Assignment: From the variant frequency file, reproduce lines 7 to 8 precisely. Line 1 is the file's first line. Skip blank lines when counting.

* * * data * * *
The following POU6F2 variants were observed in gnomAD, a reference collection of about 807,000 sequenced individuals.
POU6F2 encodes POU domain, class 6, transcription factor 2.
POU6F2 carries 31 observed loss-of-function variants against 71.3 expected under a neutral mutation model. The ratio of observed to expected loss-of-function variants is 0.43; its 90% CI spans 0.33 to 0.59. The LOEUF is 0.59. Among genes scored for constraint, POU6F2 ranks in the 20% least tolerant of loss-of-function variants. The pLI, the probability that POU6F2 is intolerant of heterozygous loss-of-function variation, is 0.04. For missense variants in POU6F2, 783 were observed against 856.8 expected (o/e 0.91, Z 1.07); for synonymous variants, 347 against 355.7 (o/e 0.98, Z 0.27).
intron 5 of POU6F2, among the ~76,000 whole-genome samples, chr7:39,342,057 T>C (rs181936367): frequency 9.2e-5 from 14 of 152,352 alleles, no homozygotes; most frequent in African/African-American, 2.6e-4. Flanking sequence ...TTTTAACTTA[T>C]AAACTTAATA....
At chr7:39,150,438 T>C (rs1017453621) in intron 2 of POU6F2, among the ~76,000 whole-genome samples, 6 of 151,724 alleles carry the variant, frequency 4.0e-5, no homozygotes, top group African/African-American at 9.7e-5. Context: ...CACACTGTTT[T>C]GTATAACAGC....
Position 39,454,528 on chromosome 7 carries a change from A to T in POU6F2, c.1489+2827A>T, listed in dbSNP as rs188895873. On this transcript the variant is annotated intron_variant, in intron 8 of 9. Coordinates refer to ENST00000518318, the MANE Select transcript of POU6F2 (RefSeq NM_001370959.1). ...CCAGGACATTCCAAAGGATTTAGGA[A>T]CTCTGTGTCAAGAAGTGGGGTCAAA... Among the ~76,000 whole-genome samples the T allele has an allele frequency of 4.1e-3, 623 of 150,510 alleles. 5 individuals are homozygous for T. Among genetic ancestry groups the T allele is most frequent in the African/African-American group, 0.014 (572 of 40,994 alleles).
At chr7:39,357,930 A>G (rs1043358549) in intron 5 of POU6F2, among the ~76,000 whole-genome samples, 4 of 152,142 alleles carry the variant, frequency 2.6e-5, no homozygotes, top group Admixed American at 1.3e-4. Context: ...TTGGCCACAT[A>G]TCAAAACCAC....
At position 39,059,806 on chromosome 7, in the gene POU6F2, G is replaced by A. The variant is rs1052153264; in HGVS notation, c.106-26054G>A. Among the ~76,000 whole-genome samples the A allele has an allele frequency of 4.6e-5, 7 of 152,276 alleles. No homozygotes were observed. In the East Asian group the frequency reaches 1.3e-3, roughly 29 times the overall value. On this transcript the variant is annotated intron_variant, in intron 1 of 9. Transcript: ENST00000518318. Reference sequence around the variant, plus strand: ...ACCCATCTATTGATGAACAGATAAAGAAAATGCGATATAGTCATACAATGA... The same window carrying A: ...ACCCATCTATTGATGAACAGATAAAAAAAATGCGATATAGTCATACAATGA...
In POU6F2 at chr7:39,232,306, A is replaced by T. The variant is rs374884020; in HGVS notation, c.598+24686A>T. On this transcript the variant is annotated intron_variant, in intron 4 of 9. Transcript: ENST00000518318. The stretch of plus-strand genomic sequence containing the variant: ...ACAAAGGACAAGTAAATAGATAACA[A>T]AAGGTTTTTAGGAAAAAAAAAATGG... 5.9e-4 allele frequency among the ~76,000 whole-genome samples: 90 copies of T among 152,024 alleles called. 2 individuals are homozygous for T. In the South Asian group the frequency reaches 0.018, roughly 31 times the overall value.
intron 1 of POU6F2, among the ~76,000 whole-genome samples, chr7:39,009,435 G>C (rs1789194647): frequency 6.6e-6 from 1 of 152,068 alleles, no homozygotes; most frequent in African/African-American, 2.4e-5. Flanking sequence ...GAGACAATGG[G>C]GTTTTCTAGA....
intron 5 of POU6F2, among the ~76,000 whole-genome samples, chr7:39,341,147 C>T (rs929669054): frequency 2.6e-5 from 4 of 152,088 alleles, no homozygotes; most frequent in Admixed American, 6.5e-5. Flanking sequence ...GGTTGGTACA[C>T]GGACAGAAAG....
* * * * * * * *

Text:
At chr7:39,357,930 A>G (rs1043358549) in intron 5 of POU6F2, among the ~76,000 whole-genome samples, 4 of 152,142 alleles carry the variant, frequency 2.6e-5, no homozygotes, top group Admixed American at 1.3e-4. Context: ...TTGGCCACAT[A>G]TCAAAACCAC....
At position 39,059,806 on chromosome 7, in the gene POU6F2, G is replaced by A. The variant is rs1052153264; in HGVS notation, c.106-26054G>A. Among the ~76,000 whole-genome samples the A allele has an allele frequency of 4.6e-5, 7 of 152,276 alleles. No homozygotes were observed. In the East Asian group the frequency reaches 1.3e-3, roughly 29 times the overall value. On this transcript the variant is annotated intron_variant, in intron 1 of 9. Transcript: ENST00000518318. Reference sequence around the variant, plus strand: ...ACCCATCTATTGATGAACAGATAAAGAAAATGCGATATAGTCATACAATGA... The same window carrying A: ...ACCCATCTATTGATGAACAGATAAAAAAAATGCGATATAGTCATACAATGA...